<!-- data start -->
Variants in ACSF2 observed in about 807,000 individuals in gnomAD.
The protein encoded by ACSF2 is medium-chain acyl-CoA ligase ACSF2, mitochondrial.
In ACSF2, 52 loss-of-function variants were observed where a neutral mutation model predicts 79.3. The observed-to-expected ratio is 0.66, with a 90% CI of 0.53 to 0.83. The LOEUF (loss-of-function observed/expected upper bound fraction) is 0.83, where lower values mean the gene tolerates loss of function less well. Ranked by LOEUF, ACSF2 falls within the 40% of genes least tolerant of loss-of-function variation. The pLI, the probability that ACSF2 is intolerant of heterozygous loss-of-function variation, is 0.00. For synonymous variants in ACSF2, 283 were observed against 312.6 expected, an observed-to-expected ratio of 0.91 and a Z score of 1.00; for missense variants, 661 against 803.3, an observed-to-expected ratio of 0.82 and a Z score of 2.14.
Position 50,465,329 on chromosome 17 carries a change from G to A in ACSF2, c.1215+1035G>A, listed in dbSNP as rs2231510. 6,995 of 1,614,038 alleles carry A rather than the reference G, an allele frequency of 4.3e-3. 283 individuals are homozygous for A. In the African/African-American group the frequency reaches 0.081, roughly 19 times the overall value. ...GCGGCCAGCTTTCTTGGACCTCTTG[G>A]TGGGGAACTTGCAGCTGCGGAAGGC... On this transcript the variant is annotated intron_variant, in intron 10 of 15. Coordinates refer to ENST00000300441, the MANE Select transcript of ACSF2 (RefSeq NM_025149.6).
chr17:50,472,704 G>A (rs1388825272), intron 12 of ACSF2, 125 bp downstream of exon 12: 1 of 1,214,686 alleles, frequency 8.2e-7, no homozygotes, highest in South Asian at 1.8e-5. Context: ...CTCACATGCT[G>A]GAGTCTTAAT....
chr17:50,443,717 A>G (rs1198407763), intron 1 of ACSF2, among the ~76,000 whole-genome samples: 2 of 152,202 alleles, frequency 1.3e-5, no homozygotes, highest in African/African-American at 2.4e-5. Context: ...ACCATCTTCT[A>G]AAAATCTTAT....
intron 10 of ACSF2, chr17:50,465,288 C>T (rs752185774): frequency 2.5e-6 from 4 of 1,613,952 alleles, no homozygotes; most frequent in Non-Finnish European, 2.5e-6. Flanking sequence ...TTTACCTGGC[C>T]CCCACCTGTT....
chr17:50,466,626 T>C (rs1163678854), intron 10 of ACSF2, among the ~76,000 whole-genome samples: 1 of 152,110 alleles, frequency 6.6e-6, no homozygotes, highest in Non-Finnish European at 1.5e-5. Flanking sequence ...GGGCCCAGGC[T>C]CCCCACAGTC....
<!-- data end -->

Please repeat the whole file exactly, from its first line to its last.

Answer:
Variants in ACSF2 observed in about 807,000 individuals in gnomAD.
The protein encoded by ACSF2 is medium-chain acyl-CoA ligase ACSF2, mitochondrial.
In ACSF2, 52 loss-of-function variants were observed where a neutral mutation model predicts 79.3. The observed-to-expected ratio is 0.66, with a 90% CI of 0.53 to 0.83. The LOEUF (loss-of-function observed/expected upper bound fraction) is 0.83, where lower values mean the gene tolerates loss of function less well. Ranked by LOEUF, ACSF2 falls within the 40% of genes least tolerant of loss-of-function variation. The pLI, the probability that ACSF2 is intolerant of heterozygous loss-of-function variation, is 0.00. For synonymous variants in ACSF2, 283 were observed against 312.6 expected, an observed-to-expected ratio of 0.91 and a Z score of 1.00; for missense variants, 661 against 803.3, an observed-to-expected ratio of 0.82 and a Z score of 2.14.
Position 50,465,329 on chromosome 17 carries a change from G to A in ACSF2, c.1215+1035G>A, listed in dbSNP as rs2231510. 6,995 of 1,614,038 alleles carry A rather than the reference G, an allele frequency of 4.3e-3. 283 individuals are homozygous for A. In the African/African-American group the frequency reaches 0.081, roughly 19 times the overall value. ...GCGGCCAGCTTTCTTGGACCTCTTG[G>A]TGGGGAACTTGCAGCTGCGGAAGGC... On this transcript the variant is annotated intron_variant, in intron 10 of 15. Coordinates refer to ENST00000300441, the MANE Select transcript of ACSF2 (RefSeq NM_025149.6).
chr17:50,472,704 G>A (rs1388825272), intron 12 of ACSF2, 125 bp downstream of exon 12: 1 of 1,214,686 alleles, frequency 8.2e-7, no homozygotes, highest in South Asian at 1.8e-5. Context: ...CTCACATGCT[G>A]GAGTCTTAAT....
chr17:50,443,717 A>G (rs1198407763), intron 1 of ACSF2, among the ~76,000 whole-genome samples: 2 of 152,202 alleles, frequency 1.3e-5, no homozygotes, highest in African/African-American at 2.4e-5. Context: ...ACCATCTTCT[A>G]AAAATCTTAT....
intron 10 of ACSF2, chr17:50,465,288 C>T (rs752185774): frequency 2.5e-6 from 4 of 1,613,952 alleles, no homozygotes; most frequent in Non-Finnish European, 2.5e-6. Flanking sequence ...TTTACCTGGC[C>T]CCCACCTGTT....
chr17:50,466,626 T>C (rs1163678854), intron 10 of ACSF2, among the ~76,000 whole-genome samples: 1 of 152,110 alleles, frequency 6.6e-6, no homozygotes, highest in Non-Finnish European at 1.5e-5. Flanking sequence ...GGGCCCAGGC[T>C]CCCCACAGTC....